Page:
Skyryse
The future of transportation is in the sky.
JETSONIAN

A small town in California is paving the way for our self-flying future

By Simone Stolzoff

For first responders, minutes can often mean the difference between life and death.

That’s why getting to and from the scene of an emergency is so critical—and so costly. The average medical air evacuation in the US costs between $12,000 to $25,000 per flight, according to data from the National Association of Insurance Commissioners. A San Francisco-based startup, SkyRyse, is trying to shave off time and money from emergency response by equipping local police stations and firehouses with helicopters that will one day fly autonomously.

Today (Aug. 28), SkyRyse came out of stealth and announced the pilot program it’s been running in Tracy, California since early August. Only one SkyRyse-powered aircraft is operational, but it plans to roll out a more extensive program in the city in January. The company also announced it’s raised $25 million in funding led by the venture-capital firm Venrock.

The SkyRyse system is integrated with emergency dispatchers in Tracy. When someone calls in to report an emergency, the dispatcher can automatically deploy the SkyRyse vehicle, in addition to other first-responders who travel by land. The company’s CEO, Mark Groden, told Quartz over email that SkyRyse has been arriving at the scene of emergencies four times faster on average than emergency services on the ground, with the cost of each flight in the “low thousands” of dollars.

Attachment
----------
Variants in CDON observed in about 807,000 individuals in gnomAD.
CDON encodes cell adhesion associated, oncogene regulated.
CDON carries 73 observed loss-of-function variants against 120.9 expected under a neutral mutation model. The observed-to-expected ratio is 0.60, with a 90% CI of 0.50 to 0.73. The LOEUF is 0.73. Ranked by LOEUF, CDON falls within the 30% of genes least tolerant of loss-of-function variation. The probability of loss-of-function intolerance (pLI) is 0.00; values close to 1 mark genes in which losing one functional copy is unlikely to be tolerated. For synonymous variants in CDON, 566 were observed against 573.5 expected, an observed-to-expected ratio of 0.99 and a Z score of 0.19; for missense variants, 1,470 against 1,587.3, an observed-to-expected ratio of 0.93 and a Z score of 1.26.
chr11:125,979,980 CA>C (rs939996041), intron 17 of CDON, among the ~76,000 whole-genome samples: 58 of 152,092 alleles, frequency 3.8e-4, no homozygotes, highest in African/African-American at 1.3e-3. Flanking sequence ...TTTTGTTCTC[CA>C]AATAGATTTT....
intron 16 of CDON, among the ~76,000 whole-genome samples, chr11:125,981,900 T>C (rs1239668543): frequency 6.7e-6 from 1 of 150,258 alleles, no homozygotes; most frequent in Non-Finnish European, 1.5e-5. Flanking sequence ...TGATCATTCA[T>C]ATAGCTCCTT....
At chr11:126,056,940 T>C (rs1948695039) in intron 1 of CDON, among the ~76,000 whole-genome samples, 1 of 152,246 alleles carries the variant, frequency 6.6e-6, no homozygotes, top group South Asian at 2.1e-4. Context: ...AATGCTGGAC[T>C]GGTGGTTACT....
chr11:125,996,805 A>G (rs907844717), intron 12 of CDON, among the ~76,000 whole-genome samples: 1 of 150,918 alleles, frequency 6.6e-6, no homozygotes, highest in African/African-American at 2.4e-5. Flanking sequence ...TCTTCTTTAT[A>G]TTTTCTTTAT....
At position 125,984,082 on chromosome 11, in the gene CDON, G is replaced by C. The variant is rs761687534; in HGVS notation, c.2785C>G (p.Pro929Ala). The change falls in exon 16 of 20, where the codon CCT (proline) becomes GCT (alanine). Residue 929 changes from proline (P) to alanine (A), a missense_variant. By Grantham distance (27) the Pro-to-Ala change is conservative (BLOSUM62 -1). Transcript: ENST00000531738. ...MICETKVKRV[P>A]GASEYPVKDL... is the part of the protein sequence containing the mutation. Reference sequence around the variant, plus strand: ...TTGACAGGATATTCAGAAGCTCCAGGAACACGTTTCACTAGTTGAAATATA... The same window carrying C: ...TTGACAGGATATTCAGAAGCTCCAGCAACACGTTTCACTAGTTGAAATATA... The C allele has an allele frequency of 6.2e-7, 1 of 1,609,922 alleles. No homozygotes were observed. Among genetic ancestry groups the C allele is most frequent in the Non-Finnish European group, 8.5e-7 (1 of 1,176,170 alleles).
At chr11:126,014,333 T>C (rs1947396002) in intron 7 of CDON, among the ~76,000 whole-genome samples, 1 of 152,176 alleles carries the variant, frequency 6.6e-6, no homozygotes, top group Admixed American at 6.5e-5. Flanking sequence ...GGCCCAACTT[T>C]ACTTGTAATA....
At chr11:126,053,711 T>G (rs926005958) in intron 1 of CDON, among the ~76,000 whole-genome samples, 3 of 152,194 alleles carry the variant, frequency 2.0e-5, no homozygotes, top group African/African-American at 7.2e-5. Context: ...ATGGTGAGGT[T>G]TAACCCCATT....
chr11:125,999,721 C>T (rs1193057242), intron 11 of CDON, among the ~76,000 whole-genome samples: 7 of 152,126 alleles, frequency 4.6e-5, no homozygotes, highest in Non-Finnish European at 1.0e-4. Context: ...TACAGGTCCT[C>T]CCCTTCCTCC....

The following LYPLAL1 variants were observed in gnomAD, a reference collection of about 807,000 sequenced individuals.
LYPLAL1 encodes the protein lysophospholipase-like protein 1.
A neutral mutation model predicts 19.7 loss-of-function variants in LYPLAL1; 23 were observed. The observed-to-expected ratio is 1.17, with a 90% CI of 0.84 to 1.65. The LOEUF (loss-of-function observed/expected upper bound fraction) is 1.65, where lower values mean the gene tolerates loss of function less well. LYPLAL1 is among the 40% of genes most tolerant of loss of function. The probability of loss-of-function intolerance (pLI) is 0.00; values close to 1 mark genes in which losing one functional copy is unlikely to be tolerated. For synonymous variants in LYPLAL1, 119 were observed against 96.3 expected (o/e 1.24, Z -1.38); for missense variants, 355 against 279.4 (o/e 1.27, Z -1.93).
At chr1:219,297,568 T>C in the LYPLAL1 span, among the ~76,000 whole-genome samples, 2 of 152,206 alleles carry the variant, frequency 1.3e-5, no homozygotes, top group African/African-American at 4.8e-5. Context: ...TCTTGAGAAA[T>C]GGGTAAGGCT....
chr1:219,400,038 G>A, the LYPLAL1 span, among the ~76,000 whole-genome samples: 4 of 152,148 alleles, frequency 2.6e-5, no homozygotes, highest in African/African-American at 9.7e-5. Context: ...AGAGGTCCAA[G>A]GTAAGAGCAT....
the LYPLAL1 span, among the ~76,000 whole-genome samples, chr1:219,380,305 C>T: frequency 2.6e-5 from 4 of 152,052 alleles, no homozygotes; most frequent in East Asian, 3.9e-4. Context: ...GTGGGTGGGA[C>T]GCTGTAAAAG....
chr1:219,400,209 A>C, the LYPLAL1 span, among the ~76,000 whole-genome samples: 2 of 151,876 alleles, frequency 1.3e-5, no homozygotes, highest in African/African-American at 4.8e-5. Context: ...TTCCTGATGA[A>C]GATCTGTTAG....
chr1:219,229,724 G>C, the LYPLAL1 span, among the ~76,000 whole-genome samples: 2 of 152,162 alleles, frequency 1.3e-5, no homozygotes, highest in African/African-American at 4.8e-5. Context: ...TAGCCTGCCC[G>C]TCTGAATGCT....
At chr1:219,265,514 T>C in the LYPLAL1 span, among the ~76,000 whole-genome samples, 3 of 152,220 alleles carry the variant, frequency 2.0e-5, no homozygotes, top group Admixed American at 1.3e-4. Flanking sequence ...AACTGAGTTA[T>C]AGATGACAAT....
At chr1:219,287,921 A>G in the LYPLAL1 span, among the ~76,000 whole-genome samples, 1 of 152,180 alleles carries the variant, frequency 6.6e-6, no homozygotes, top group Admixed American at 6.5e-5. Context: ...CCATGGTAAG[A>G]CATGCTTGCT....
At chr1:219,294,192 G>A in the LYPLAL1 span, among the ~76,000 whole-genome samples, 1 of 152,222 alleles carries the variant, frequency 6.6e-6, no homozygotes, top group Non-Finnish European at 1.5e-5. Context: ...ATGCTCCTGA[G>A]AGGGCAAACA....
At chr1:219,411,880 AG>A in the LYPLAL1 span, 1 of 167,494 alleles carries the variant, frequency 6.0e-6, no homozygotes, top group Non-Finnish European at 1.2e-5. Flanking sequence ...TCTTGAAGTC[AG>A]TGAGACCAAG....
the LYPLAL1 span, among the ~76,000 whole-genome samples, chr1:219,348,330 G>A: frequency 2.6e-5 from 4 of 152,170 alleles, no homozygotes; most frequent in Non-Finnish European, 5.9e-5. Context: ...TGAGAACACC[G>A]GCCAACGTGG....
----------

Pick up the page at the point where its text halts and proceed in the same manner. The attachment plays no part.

Skyryse.
A flying data-collector.

The aircraft has its limitations, however. During the pilot program, the aircraft is still being flown by a human pilot. It also has to refuel every three hours, and can only hold four passengers at a time. But with every trip, SkyRyse is gathering data that will eventually allow the aircraft to fly themselves.

A handful of companies—including Uber and Airbus—have been working on VTOL (vertical take-off and landing) technology to bring self-flying aircraft to the mainstream. (Google founder Larry Page has also invested in multiple flying vehicle startups.) Whether self-flying taxis, autonomous ambulances, or any other personal flying vehicles take off any time soon, one thing is certain: we definitely shouldn’t call them flying cars.